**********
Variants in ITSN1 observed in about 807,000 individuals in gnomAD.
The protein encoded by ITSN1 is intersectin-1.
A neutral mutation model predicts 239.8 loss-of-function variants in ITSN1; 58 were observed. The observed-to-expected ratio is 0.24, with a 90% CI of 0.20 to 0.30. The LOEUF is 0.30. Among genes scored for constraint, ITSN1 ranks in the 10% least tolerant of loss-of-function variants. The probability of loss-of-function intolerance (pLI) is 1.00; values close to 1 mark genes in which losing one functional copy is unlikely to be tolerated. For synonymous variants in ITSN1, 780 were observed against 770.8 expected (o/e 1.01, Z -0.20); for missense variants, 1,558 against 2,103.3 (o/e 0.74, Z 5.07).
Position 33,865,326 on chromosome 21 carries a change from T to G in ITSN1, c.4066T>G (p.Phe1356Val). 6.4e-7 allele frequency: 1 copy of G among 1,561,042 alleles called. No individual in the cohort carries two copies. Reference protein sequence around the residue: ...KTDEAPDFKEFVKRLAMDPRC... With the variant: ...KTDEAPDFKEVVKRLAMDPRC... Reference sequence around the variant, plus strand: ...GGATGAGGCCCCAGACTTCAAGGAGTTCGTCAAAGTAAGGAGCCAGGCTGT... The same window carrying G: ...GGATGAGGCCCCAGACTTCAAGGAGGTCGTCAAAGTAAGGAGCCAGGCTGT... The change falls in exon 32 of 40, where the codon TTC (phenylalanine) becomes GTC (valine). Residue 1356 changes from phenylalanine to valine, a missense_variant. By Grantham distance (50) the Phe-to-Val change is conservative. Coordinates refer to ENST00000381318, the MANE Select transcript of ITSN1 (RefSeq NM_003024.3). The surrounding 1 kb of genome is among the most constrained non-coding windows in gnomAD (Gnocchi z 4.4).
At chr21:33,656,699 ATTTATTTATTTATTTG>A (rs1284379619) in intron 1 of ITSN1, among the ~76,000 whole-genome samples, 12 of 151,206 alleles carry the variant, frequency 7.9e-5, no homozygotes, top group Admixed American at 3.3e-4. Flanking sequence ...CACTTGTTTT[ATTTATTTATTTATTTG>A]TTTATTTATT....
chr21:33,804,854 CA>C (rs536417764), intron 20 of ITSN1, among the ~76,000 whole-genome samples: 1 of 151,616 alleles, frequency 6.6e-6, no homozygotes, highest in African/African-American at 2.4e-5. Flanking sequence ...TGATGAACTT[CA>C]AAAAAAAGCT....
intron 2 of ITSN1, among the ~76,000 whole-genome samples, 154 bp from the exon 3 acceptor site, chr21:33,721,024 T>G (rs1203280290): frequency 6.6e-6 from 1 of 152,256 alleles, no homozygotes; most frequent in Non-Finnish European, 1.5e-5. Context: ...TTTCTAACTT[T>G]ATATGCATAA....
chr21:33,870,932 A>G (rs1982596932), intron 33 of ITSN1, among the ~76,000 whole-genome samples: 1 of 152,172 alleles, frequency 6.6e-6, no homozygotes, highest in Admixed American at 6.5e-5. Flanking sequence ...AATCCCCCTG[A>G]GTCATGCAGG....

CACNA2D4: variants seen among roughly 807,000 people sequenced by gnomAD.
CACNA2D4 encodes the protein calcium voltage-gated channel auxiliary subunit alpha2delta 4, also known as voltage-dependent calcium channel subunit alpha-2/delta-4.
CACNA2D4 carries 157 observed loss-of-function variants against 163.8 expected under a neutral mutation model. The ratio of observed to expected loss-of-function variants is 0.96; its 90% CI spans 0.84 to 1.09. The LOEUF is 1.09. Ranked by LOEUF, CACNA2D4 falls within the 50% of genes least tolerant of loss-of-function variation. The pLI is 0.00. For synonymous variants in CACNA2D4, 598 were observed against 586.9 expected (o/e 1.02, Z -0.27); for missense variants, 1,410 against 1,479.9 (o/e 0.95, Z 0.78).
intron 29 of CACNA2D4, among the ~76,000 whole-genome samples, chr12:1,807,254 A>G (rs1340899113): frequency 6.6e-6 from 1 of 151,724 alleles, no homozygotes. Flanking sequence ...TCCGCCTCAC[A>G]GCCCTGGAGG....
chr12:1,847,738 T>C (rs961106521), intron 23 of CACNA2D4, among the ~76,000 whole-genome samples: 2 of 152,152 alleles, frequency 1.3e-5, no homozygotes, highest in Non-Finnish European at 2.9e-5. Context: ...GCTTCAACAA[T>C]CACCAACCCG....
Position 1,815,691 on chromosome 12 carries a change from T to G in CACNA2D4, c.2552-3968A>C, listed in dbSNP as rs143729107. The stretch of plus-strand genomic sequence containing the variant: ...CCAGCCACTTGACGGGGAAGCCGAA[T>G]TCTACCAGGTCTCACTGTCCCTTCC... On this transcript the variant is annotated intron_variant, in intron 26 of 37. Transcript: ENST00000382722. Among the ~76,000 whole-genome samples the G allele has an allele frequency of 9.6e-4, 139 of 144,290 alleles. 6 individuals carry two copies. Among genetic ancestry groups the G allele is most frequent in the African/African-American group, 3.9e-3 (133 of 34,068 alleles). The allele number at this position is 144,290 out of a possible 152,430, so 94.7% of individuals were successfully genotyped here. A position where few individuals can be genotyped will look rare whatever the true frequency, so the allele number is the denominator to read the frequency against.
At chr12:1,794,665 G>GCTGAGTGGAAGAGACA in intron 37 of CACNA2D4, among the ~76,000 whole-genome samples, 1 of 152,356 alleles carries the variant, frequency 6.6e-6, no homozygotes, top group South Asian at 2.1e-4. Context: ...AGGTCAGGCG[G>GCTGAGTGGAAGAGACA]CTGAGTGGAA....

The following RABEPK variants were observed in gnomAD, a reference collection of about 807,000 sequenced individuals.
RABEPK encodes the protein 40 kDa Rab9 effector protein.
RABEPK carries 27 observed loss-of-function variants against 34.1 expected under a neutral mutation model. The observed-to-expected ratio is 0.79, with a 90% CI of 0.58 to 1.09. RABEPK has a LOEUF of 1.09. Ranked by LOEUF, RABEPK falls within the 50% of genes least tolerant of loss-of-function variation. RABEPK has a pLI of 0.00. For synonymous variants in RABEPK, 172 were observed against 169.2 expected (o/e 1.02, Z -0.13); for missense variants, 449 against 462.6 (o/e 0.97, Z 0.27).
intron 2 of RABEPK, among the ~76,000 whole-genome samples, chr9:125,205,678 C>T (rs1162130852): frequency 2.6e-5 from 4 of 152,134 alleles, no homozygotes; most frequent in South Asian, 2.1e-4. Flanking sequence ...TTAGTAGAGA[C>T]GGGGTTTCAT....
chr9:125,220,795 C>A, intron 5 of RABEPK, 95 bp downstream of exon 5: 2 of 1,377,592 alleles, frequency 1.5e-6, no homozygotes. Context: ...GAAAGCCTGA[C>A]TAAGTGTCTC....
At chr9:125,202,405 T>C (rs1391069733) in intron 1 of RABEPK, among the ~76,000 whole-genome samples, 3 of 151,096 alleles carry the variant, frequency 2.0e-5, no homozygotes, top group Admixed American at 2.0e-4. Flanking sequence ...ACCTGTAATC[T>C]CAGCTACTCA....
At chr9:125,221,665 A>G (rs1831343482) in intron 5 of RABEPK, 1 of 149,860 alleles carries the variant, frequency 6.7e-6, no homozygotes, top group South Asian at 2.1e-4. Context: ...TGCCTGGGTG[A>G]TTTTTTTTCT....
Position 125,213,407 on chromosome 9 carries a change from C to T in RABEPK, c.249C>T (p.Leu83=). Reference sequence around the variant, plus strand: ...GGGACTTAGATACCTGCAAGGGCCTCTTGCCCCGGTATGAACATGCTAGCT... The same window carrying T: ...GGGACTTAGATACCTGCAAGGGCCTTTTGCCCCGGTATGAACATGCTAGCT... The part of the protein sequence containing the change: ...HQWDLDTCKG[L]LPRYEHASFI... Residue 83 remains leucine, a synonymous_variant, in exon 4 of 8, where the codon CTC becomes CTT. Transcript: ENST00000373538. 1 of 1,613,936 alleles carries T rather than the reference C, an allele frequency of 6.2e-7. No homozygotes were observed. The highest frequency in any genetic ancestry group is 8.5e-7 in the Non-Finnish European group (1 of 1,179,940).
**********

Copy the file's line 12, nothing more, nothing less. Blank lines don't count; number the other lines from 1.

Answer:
intron 29 of CACNA2D4, among the ~76,000 whole-genome samples, chr12:1,807,254 A>G (rs1340899113): frequency 6.6e-6 from 1 of 151,724 alleles, no homozygotes. Flanking sequence ...TCCGCCTCAC[A>G]GCCCTGGAGG....